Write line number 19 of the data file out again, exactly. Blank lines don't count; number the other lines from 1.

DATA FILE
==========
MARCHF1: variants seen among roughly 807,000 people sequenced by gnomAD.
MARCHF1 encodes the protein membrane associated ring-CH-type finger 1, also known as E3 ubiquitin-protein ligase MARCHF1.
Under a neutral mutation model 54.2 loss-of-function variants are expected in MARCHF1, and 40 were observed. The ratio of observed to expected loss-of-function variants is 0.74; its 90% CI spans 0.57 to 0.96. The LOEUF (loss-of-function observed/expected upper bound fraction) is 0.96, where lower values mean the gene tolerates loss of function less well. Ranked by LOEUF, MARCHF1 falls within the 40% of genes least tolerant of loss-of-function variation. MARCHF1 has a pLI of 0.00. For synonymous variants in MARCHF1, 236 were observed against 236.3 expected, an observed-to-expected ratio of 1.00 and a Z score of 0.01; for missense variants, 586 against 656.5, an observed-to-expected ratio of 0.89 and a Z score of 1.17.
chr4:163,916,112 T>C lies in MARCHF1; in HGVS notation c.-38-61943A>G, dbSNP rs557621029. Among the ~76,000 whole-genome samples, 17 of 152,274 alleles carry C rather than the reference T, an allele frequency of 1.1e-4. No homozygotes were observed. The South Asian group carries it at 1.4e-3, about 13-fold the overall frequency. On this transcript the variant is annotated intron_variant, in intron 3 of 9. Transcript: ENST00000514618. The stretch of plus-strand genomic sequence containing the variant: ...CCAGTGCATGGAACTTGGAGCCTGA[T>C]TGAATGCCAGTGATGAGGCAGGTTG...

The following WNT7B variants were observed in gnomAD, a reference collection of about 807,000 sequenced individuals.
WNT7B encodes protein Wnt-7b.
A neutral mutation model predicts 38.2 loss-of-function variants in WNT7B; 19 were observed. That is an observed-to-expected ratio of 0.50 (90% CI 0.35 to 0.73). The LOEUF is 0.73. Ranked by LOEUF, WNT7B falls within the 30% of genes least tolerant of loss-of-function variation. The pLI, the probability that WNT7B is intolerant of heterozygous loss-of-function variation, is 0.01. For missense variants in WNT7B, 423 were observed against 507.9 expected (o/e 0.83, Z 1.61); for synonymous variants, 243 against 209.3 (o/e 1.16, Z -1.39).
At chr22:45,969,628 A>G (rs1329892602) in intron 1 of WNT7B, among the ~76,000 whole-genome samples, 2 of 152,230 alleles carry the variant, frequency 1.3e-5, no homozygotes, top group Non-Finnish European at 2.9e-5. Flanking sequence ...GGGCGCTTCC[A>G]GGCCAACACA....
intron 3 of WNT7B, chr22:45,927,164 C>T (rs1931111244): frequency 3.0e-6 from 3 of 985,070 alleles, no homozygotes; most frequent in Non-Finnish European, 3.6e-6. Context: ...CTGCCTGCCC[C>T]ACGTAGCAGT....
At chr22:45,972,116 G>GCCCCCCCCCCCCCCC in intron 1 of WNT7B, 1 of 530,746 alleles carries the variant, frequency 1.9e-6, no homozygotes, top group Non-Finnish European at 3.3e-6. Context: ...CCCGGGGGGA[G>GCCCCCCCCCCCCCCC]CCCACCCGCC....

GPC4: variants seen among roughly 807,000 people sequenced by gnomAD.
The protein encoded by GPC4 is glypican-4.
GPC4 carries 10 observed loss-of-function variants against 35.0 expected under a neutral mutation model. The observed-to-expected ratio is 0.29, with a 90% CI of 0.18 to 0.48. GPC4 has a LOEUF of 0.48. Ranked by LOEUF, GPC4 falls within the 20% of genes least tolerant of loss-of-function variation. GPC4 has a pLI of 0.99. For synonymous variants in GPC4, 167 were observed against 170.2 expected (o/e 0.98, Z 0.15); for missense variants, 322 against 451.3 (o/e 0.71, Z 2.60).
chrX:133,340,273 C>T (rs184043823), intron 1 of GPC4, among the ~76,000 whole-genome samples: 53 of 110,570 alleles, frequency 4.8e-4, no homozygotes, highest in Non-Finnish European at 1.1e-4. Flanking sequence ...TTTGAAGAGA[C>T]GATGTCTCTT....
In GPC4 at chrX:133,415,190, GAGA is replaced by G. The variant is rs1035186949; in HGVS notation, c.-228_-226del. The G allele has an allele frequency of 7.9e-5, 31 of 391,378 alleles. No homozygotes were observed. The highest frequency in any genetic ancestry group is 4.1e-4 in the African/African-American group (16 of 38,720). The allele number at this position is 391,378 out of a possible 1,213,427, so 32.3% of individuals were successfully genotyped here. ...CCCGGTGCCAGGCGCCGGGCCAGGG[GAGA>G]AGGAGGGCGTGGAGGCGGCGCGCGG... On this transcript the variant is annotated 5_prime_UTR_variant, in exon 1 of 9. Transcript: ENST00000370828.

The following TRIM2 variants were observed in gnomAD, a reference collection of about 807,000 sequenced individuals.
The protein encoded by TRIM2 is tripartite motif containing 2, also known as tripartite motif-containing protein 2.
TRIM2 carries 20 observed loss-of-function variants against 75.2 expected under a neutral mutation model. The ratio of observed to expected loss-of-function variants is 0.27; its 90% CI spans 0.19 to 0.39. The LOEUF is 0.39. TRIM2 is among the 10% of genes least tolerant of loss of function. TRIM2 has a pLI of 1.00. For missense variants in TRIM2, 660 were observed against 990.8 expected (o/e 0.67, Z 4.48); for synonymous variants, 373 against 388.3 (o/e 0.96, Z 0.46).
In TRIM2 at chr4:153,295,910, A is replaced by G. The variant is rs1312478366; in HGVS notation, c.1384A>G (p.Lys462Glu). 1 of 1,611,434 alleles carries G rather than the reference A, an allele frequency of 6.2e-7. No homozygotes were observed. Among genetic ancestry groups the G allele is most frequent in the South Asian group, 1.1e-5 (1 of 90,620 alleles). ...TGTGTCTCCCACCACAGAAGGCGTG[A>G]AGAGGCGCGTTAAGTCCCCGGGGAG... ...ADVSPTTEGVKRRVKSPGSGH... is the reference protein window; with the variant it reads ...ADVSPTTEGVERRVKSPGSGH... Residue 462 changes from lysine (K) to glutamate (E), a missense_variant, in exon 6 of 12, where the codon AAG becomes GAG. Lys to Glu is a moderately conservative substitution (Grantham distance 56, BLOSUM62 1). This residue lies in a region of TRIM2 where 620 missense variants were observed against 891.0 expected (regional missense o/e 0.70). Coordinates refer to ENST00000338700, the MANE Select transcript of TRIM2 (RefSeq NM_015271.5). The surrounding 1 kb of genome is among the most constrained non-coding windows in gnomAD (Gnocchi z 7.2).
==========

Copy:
In TRIM2 at chr4:153,295,910, A is replaced by G. The variant is rs1312478366; in HGVS notation, c.1384A>G (p.Lys462Glu). 1 of 1,611,434 alleles carries G rather than the reference A, an allele frequency of 6.2e-7. No homozygotes were observed. Among genetic ancestry groups the G allele is most frequent in the South Asian group, 1.1e-5 (1 of 90,620 alleles). ...TGTGTCTCCCACCACAGAAGGCGTG[A>G]AGAGGCGCGTTAAGTCCCCGGGGAG... ...ADVSPTTEGVKRRVKSPGSGH... is the reference protein window; with the variant it reads ...ADVSPTTEGVERRVKSPGSGH... Residue 462 changes from lysine (K) to glutamate (E), a missense_variant, in exon 6 of 12, where the codon AAG becomes GAG. Lys to Glu is a moderately conservative substitution (Grantham distance 56, BLOSUM62 1). This residue lies in a region of TRIM2 where 620 missense variants were observed against 891.0 expected (regional missense o/e 0.70). Coordinates refer to ENST00000338700, the MANE Select transcript of TRIM2 (RefSeq NM_015271.5). The surrounding 1 kb of genome is among the most constrained non-coding windows in gnomAD (Gnocchi z 7.2).